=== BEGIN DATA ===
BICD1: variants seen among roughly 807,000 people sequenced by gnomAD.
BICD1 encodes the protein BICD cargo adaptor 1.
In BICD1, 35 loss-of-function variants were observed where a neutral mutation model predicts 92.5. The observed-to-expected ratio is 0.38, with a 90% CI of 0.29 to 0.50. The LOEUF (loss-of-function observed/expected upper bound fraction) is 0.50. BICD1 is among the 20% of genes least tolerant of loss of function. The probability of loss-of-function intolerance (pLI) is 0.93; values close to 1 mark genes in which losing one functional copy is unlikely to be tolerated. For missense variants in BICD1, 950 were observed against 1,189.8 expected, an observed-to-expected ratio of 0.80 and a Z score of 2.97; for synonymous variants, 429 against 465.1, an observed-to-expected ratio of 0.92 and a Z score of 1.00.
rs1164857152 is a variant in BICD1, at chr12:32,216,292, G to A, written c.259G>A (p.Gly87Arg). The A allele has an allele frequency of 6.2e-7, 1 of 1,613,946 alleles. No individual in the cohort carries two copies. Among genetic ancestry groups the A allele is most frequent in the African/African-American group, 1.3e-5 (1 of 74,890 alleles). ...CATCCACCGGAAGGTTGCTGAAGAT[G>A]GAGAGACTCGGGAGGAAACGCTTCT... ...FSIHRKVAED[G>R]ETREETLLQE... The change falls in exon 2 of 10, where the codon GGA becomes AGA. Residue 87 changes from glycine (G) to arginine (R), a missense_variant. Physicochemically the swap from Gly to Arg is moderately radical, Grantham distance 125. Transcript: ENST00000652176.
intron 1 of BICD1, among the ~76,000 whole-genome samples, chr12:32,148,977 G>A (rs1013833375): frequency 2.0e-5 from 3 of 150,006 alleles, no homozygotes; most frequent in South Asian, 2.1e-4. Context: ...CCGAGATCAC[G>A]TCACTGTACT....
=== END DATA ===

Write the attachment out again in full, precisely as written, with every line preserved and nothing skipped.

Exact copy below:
BICD1: variants seen among roughly 807,000 people sequenced by gnomAD.
BICD1 encodes the protein BICD cargo adaptor 1.
In BICD1, 35 loss-of-function variants were observed where a neutral mutation model predicts 92.5. The observed-to-expected ratio is 0.38, with a 90% CI of 0.29 to 0.50. The LOEUF (loss-of-function observed/expected upper bound fraction) is 0.50. BICD1 is among the 20% of genes least tolerant of loss of function. The probability of loss-of-function intolerance (pLI) is 0.93; values close to 1 mark genes in which losing one functional copy is unlikely to be tolerated. For missense variants in BICD1, 950 were observed against 1,189.8 expected, an observed-to-expected ratio of 0.80 and a Z score of 2.97; for synonymous variants, 429 against 465.1, an observed-to-expected ratio of 0.92 and a Z score of 1.00.
rs1164857152 is a variant in BICD1, at chr12:32,216,292, G to A, written c.259G>A (p.Gly87Arg). The A allele has an allele frequency of 6.2e-7, 1 of 1,613,946 alleles. No individual in the cohort carries two copies. Among genetic ancestry groups the A allele is most frequent in the African/African-American group, 1.3e-5 (1 of 74,890 alleles). ...CATCCACCGGAAGGTTGCTGAAGAT[G>A]GAGAGACTCGGGAGGAAACGCTTCT... ...FSIHRKVAED[G>R]ETREETLLQE... The change falls in exon 2 of 10, where the codon GGA becomes AGA. Residue 87 changes from glycine (G) to arginine (R), a missense_variant. Physicochemically the swap from Gly to Arg is moderately radical, Grantham distance 125. Transcript: ENST00000652176.
intron 1 of BICD1, among the ~76,000 whole-genome samples, chr12:32,148,977 G>A (rs1013833375): frequency 2.0e-5 from 3 of 150,006 alleles, no homozygotes; most frequent in South Asian, 2.1e-4. Context: ...CCGAGATCAC[G>A]TCACTGTACT....